Day 2 started out good as well. I hooked and played two steelhead before noon. Too bad I didn’t get one of them landed. As we progressed downstream we stopped at only the best spots to fish. Throughout the day Lottie and I both hooked many and landed a few nice rainbows. One of the best ones, I wasn’t sure whether I had a small steelhead or a large rainbow on until I got it landed. It was a nice fish to say the least.
We saw another small bunch of elk with a bull again in the group. Near Meadow Creek I noticed an eagle sitting in the tree opposite of the creek. I took a bunch of pictures from the raft and then landed the boat and took some more while Lottie began to fish. Eventually I decided I had taken enough pictures of the eagle and got my rod out and began fishing. Not soon after Lottie was hollering that she had a steelhead on. This one was a fat, bright hatchery hen that took a flashback stonefly.
Just above Martin’s Misery I began rowing the raft to shore to fish when Lottie hooked a pikeminnow. As I beached the raft Lottie landed and released her fish. Loca, our Jack Russel, however didn’t think we should let that one go and dove off the raft into the river and swam after the fish. This was especially funny since Loca hates getting wet. She is more like a cat when it comes to water and will usually tip toe through any water she has to go through. But she loves going fishing. She will sit by your feet staring intensely at the water, waiting for you to catch a fish. She will also occasionally try to bite your fly if it goes whizzing by her. She in fact caught Jeff’s fly out of the air last weekend when we were on the Imnaha. She did not get hooked luckily. If you let her get too close to fish she will also try to take a bite out of them. But if I just tell her to get back, she does and the fish are safe.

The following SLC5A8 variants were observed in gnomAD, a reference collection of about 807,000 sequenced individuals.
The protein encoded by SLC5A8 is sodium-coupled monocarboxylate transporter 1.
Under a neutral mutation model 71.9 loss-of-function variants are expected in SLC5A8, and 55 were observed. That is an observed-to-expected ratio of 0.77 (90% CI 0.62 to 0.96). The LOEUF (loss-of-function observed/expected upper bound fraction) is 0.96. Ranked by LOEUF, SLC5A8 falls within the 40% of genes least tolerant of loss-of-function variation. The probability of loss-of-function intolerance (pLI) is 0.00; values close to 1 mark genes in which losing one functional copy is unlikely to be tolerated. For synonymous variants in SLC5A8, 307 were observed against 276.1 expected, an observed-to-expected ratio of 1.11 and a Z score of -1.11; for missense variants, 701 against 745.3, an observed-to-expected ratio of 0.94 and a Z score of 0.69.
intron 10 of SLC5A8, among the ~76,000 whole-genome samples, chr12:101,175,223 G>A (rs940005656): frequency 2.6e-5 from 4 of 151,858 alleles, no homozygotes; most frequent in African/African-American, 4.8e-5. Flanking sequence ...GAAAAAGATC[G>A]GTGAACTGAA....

Some October Caddis have been out each day, but as it begins to get dark they come out in large numbers. For anyone who is unfamiliar with the October Caddis hatch, October Caddis are huge orange bellied caddis flies. Unlike some species of caddis, the October Caddis do not hatch in stream. About two months before they hatch they encase themselves on a rock and go through a pupa stage. They are not available to trout during this pupal stage and when they are ready to hatch they crawl to the bank at dark and hatch. If you look at boulders near the stream you will see their shucks left on the rocks. I have always been a little dubious about October Caddis pupa patterns since the big bugs crawl to shore at night to hatch. But some may well get washed into the current and become available for trout. If any of you have a favorite October Caddis nymph tell me about it in the comments section at the end and I will give it a try.
Sunday morning I had to do more rowing than fishing to get us to the take out at Powwatka Bridge (also called Wildcat Bridge) at a reasonable time. We still stopped and fished some of the best spots. I caught a fin-clipped rainbow that I had a hard time telling whether it was a legal steelhead (over 20”) or not. As I was staring at the fish trying to determine its length, he wiggled free and was spared going into my smoker at home. The rainbow fishing was unbelievably good all weekend.
The Grande Ronde between Minam and Powwatka Bridge may be our very best big rainbow water in eastern Oregon. With 39 miles of no roads, fishing pressure is limited and the scenery and setting unbeatable. This stretch of water is catch and release for all wild rainbows which makes a big difference in the quality of the fishery. I will again be fishing and floating our section of the Grande Ronde religiously this fall for steelhead. I am now offering guided trips through our raft rental business at Minam. Anytime between now and winter is a great time to do a guided fishing trip. We have prices for all inclusive guided trips on our raft rental website, but I can customize any trip for how much or how little you would like to do. Whether you want everything provided for you and simply want to show up and fish or if you want to provide your own food and camping gear and simply have me there to guide you through the low water and show you the best locations and techniques to catch steelhead, I can customize the trip to your liking. Just send me an email firstname.lastname@example.org with your inquiry.
Click the picture below to see more pictures from the weekend.